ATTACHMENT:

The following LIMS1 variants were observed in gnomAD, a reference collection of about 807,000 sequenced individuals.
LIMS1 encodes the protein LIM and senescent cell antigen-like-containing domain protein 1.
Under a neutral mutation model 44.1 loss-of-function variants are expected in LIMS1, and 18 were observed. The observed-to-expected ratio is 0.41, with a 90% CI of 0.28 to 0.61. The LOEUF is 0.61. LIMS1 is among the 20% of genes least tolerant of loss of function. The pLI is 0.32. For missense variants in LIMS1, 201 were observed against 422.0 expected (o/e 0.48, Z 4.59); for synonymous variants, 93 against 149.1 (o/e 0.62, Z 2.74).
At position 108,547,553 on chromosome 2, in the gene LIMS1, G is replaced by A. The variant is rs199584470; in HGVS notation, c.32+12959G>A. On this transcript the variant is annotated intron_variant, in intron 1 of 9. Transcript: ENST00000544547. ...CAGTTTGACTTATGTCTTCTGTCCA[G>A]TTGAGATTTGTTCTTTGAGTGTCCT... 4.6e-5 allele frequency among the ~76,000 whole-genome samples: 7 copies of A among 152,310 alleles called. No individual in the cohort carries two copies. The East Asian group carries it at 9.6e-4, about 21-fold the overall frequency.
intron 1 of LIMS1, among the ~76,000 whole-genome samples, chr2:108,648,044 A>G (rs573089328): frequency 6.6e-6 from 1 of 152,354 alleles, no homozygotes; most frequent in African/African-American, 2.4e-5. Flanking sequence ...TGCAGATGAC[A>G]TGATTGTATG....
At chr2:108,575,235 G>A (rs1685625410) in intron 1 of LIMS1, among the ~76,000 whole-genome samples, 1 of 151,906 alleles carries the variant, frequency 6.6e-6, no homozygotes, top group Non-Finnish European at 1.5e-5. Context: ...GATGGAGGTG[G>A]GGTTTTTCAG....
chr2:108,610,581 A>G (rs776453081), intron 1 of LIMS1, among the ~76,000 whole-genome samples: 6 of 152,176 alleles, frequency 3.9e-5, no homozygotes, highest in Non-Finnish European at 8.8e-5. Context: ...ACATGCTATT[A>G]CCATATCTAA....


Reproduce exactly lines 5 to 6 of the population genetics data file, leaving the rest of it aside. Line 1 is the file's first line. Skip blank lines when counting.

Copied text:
intron 1 of LIMS1, among the ~76,000 whole-genome samples, chr2:108,648,044 A>G (rs573089328): frequency 6.6e-6 from 1 of 152,354 alleles, no homozygotes; most frequent in African/African-American, 2.4e-5. Flanking sequence ...TGCAGATGAC[A>G]TGATTGTATG....
At chr2:108,575,235 G>A (rs1685625410) in intron 1 of LIMS1, among the ~76,000 whole-genome samples, 1 of 151,906 alleles carries the variant, frequency 6.6e-6, no homozygotes, top group Non-Finnish European at 1.5e-5. Context: ...GATGGAGGTG[G>A]GGTTTTTCAG....